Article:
WHAT'S A FAUX PAW OR TWO?
Little Oscar, a two-and-a-half-year-old black cat, made a faux pas by sleeping in the maize field while it was being harvested. A giant combine harvester sliced off Oscar's two back paws.
But wait, he's okay now. In fact, the little cat from Jersey -- in the British Channel Isles off the coast of Normandy -- is the world's first bionic cat, sporting new prosthetic paws.
A faux pas in the maize field led to two faux paws and world-wide fame. Oscar's a star!
NO ITALIAN STEW, THANK YOU
It's a good thing Oscar isn't Italian. He might have become the main ingredient in a Chef Beppe Bigazzi cat meat stew.
Here's how it all came about:
Oscar's sleeping in a Jersey maize field, while it's being harvested. The combine gets him. Good-bye paws.
Woman on bicycle rides by and knocks at nearby farmhouse, asks if Kate Allan and Mike Nolan have a little black cat, then tell them what happened to Oscar. He was so badly hurt and looked so gruesome, they thought the vet would quickly euthanize him.
DO NOT EUTHANIZE PLEASE
They sped with Oscar to the local vet, Peter Haworth. "Peter was able to stabilise him, got painkillers going and he was comfortable within minutes of getting into the vets, on a strong painkiller I imagine," Mike Nolan told BBC News.
The vet suggested Oscar's owners talk with Noel Fitzpatrick, a veterinary surgeon who was doing pioneering work on prosthetics. After a whole lot of phone calls, e-mails and sending x-rays and test results, Fitzpatrick (pictured left with Oscar) and his team decided they could help Oscar.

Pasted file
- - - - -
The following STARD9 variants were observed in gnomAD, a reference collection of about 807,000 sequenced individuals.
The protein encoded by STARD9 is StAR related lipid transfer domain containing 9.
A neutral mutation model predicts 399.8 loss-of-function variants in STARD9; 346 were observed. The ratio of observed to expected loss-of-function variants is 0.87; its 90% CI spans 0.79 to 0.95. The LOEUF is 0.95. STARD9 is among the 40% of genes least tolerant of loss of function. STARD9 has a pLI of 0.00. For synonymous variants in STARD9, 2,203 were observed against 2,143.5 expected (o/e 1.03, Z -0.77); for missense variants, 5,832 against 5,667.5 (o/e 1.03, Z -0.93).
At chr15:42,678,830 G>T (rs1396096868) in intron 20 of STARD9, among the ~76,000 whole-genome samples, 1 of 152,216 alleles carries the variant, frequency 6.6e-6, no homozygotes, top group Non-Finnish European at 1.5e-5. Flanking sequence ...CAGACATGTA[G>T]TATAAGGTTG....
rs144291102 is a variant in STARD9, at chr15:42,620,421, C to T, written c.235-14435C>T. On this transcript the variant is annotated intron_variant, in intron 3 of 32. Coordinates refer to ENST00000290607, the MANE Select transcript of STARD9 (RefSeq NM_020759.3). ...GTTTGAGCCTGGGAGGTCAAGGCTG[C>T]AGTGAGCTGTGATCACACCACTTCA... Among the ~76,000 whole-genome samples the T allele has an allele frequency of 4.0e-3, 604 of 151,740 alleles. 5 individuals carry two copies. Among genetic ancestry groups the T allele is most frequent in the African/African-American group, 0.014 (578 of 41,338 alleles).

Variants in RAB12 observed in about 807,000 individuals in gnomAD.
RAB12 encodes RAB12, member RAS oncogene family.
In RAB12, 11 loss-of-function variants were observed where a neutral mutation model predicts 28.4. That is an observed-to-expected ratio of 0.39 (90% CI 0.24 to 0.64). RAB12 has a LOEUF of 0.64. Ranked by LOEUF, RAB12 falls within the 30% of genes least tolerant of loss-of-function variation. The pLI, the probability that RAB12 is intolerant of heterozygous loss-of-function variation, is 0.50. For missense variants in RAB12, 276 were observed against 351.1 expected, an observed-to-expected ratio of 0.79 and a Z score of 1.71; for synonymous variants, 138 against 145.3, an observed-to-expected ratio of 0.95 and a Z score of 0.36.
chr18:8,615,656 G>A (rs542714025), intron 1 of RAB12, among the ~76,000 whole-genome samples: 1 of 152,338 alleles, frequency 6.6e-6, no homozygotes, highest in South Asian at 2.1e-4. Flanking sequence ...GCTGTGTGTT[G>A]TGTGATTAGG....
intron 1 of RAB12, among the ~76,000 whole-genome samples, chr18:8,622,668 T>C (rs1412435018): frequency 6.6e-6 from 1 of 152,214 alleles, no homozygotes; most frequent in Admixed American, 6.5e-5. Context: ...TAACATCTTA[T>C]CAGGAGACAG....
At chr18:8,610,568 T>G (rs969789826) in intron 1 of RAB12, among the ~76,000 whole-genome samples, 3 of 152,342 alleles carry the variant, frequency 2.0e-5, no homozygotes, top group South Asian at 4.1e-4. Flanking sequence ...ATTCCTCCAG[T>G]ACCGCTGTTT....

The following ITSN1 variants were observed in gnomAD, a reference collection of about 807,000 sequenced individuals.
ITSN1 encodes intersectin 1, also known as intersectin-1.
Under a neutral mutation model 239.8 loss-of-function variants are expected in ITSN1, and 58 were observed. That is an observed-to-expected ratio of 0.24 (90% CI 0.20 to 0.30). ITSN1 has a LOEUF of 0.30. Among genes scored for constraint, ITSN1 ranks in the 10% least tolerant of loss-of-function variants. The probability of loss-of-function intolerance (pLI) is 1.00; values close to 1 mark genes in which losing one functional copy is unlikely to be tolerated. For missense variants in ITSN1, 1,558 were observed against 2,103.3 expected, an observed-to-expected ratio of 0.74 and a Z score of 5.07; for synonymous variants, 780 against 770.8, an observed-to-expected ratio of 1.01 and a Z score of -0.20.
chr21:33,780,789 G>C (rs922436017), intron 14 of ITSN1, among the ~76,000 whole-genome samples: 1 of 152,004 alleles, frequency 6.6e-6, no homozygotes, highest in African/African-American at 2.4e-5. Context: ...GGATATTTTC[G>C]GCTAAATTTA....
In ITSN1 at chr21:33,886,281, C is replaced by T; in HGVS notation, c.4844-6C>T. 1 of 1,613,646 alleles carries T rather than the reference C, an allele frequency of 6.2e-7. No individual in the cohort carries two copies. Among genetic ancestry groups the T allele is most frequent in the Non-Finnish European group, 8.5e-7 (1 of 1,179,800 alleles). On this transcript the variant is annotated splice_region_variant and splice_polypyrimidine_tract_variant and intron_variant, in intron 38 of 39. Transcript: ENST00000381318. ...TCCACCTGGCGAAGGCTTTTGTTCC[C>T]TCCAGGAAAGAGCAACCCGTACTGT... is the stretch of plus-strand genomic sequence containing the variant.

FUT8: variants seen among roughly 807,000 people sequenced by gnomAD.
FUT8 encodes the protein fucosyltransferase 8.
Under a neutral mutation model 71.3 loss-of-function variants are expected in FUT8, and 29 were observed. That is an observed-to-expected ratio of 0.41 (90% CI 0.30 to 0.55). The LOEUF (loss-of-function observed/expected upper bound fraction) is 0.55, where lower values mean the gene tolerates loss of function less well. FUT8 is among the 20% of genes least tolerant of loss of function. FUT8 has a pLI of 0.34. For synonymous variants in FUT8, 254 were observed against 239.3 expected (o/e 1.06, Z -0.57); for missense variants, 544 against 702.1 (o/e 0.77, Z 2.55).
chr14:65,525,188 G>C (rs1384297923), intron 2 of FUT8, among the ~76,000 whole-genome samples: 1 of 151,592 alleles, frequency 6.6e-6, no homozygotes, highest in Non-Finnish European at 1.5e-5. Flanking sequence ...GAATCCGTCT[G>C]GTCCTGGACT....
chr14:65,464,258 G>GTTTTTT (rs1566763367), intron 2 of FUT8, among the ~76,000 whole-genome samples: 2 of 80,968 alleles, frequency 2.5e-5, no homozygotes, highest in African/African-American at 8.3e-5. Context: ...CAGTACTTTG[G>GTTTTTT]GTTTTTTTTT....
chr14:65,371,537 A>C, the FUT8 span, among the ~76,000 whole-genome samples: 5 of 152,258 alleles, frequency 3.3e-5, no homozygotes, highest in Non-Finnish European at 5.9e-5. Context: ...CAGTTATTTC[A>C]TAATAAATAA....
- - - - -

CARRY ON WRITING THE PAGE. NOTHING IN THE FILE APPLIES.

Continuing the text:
COOL CAT OSCAR
Kate Allan told BBC News: "Oscar is a very chilled cat, he is very laid back, he takes things well which led to the surgeons in Surrey describing him as a very suitable candidate for this kind of surgery."
Fitzpatrick and biomedical engineers designed the artificial paws so that they would be fused to the bone and skin, allowing the implant to work as a seesaw on the end of Oscar's limbs to give him a normal gait, according to MSNBC.
YES, IMPLANTS PLEASE
Next, the vets inserted peg-like implants (ITAPs) by drilling them into Oscar's ankle bones. These metal implants are attached to the bone where Oscar lost his paws and are coated with a substance that helps bone cells grow directly over them. Oscar's own skin then grew over the end of the peg and formed a seal to prevent infections. Finally, artificial paws were attached to the ends of the ITAPs. (Thanks to MSNBC and its news services for the above technical description).
Oscar's rehabilitation included training which taught him to walk and jump again -- and he was on all four feet in under four months.
Oscar's story brings up some ethical questions for future discussion, such as the costly procedures and care he received. Oscar's fake paws, alone, cost about $3,000 -- that does not include the operation itself, or rehabilitation care.
It's doubtful that this pioneering technique will be widely available due to the cost and it's still pretty rare for an animal to lose two legs at once. But the ITAP technology is being tested in humans.
Mike Nolan, one of Oscar's owners, said: "We were aware that this sort of procedure is cutting-edge and also has an impact on human medicine, so knowledge about the way that Oscar's been treated can be carried over to human treatment going forward -- so that's good for everyone," as reported by MSNBC.
by Sharon McEachern